Created: 25 Nov 2010 17:58
Updated: 25 Nov 2010 17:58

Following the decision by team owner Sir Keith Mills to disband TEAMORIGIN, Ainslie cited the Monsoon Cup and the ISAF Match Racing World Championship as the perfect way to bring down the curtain, for the foreseeable future at least, on one of the most established teams in the history of match racing: “It would be fantastic for us as a team to bow out at the top of the World Championship and to win the Monsoon Cup next week. The Monsoon Cup is unique – I’ve never sailed in an event quite like it because I don’t think there is an event like it in the world.”

With five teams each still in the running to win the Match Racing World Championship at the Ri-Yaz Heritage Marina Resort and Spa in Terengganu, considerable lip service has been paid within the media and amongst the teams about the pressure the sailors will be under to perform. It’s something Ainslie is acutely aware of: “The very nature of match racing demands a certain test of nerve and the ability to deal with different scenarios in tense situations.

“Never more so than at the Monsoon Cup - there you’ve got to tackle the best match racers but also, because of the tricky weather conditions, any poor decisions will quickly eat away any advantage you might have made over your opponent.”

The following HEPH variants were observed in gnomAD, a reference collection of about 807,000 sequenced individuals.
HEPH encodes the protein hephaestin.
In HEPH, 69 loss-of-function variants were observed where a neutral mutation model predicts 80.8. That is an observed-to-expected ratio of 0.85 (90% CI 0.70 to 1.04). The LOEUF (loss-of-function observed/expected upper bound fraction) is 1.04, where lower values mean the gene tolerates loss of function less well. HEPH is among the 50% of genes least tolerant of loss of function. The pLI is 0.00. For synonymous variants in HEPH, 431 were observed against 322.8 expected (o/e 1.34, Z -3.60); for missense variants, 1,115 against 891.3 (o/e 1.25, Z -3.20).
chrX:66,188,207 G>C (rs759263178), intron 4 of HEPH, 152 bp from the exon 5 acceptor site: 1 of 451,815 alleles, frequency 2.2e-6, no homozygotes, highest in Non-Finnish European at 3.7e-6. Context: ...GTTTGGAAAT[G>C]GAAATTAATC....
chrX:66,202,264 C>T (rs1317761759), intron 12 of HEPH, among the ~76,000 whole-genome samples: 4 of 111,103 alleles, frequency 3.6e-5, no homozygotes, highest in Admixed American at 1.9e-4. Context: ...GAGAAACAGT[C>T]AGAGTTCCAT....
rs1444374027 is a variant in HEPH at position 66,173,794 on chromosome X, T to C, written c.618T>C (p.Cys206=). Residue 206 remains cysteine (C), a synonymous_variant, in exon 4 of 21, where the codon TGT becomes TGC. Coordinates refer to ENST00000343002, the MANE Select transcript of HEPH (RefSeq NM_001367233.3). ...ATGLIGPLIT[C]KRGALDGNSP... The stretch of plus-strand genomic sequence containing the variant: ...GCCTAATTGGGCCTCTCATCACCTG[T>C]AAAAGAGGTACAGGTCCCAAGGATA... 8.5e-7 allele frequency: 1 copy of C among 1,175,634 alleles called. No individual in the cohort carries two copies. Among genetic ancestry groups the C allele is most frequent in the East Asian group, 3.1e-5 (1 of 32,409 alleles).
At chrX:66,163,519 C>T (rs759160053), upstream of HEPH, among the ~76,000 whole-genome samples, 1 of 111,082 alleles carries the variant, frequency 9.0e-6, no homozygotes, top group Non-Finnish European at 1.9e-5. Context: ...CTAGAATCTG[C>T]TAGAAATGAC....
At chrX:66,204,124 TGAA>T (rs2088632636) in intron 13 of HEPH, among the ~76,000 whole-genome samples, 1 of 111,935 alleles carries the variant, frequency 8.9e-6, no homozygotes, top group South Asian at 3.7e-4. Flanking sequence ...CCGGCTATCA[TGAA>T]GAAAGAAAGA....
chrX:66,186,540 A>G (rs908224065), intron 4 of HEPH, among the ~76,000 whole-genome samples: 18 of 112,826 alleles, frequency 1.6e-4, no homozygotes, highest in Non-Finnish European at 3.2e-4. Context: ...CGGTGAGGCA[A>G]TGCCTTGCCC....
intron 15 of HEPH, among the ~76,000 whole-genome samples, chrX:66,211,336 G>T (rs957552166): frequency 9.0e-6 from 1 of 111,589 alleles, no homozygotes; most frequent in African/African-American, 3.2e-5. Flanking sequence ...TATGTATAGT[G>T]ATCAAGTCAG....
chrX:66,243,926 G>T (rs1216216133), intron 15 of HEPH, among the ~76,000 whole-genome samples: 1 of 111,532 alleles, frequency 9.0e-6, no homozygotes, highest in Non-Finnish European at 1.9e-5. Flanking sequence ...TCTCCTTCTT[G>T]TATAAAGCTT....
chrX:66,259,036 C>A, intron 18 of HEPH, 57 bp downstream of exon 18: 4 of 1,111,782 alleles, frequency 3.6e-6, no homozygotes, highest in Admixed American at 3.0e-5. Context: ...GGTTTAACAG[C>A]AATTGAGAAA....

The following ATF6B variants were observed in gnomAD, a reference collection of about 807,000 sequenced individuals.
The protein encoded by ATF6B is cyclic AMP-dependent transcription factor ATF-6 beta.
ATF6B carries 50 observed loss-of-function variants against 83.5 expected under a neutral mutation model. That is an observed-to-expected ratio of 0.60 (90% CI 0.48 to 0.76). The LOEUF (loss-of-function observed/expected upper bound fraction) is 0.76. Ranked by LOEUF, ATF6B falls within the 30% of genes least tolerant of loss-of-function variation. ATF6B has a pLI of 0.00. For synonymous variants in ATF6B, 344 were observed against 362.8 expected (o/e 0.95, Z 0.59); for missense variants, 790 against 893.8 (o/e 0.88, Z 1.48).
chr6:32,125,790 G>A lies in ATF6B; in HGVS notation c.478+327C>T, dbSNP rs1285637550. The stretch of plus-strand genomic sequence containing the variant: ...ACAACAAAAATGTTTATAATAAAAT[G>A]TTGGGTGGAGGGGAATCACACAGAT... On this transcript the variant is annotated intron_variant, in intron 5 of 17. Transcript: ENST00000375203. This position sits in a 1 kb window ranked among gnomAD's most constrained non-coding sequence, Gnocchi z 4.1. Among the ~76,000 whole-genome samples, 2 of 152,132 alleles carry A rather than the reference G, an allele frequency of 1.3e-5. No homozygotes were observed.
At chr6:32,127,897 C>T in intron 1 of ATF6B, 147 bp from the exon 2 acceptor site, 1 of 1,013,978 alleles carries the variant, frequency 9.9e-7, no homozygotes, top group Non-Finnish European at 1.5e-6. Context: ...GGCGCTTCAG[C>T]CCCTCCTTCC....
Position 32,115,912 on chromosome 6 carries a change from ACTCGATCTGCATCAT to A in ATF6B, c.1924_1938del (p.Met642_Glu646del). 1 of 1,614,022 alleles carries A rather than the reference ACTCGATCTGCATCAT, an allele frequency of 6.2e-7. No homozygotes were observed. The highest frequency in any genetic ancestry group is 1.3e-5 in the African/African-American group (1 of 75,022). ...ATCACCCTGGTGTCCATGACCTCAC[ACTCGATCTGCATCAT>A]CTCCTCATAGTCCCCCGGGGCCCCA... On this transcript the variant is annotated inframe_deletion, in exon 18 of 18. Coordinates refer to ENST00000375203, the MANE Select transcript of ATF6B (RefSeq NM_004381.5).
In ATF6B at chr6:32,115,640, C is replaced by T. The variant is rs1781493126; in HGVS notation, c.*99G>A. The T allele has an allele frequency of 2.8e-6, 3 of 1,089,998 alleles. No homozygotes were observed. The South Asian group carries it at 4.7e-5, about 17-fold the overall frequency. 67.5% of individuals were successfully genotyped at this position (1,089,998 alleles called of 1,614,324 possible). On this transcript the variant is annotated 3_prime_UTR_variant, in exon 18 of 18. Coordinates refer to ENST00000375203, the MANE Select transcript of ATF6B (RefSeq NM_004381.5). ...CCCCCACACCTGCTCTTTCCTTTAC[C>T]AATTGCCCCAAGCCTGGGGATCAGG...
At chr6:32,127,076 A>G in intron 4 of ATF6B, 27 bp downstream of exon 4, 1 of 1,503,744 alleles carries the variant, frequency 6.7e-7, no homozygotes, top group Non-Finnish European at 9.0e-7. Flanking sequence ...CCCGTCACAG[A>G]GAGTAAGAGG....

Peter Montgomery, the broadcasting stalwart of numerous America’s Cups, Olympic Games and Volvo Ocean Races, recently cited Ainslie’s mental toughness in the ‘white hot furnace of competition’ as being one of his key assets. For Ainslie, it’s Richard who will be shouldering the most amount of mental pressure: “It’s difficult to say whether Mathieu Richard’s confidence is easily knocked however I’m sure he’s probably feeling the pressure as he only holds a slight lead over Adam [Minoprio] and I. For us, we’ve got nothing to lose so that’s easier psychologically.”

On the subject of Richard and his belief that Ainslie’s biggest weakness is his ‘inconsistency’, the Brit replied: “I was quite amused to read Mathieu Richard’s comment - My team has competed in five events on this year’s Tour and we’re in with a chance of winning the title so I don’t agree with him on that.”

Looking ahead to the specific challenges posed by the Monsoon Cup and the often treacherous conditions, Ainslie said: “If the monsoon rain kicks in, the challenge becomes altogether more difficult. It’s a question of how you and your team deal with that challenge which counts. It’s our third time competing in Malaysia so we know a lot about what it takes to win a match race there.”